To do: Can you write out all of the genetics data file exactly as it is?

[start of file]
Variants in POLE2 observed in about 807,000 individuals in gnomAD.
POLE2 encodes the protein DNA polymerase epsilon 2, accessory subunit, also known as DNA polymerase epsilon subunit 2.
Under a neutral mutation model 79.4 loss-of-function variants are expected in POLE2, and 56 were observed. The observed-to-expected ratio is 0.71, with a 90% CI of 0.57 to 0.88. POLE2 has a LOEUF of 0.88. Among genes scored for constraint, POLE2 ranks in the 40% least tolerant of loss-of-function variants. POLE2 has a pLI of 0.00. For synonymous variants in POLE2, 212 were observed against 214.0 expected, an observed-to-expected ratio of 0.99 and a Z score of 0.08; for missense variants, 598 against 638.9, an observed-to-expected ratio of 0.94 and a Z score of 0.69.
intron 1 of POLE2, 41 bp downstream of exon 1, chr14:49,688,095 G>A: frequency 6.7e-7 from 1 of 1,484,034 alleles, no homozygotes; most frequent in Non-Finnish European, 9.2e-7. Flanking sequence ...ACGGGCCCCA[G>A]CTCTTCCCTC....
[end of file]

Variants in POLE2 observed in about 807,000 individuals in gnomAD.
POLE2 encodes the protein DNA polymerase epsilon 2, accessory subunit, also known as DNA polymerase epsilon subunit 2.
Under a neutral mutation model 79.4 loss-of-function variants are expected in POLE2, and 56 were observed. The observed-to-expected ratio is 0.71, with a 90% CI of 0.57 to 0.88. POLE2 has a LOEUF of 0.88. Among genes scored for constraint, POLE2 ranks in the 40% least tolerant of loss-of-function variants. POLE2 has a pLI of 0.00. For synonymous variants in POLE2, 212 were observed against 214.0 expected, an observed-to-expected ratio of 0.99 and a Z score of 0.08; for missense variants, 598 against 638.9, an observed-to-expected ratio of 0.94 and a Z score of 0.69.
intron 1 of POLE2, 41 bp downstream of exon 1, chr14:49,688,095 G>A: frequency 6.7e-7 from 1 of 1,484,034 alleles, no homozygotes; most frequent in Non-Finnish European, 9.2e-7. Flanking sequence ...ACGGGCCCCA[G>A]CTCTTCCCTC....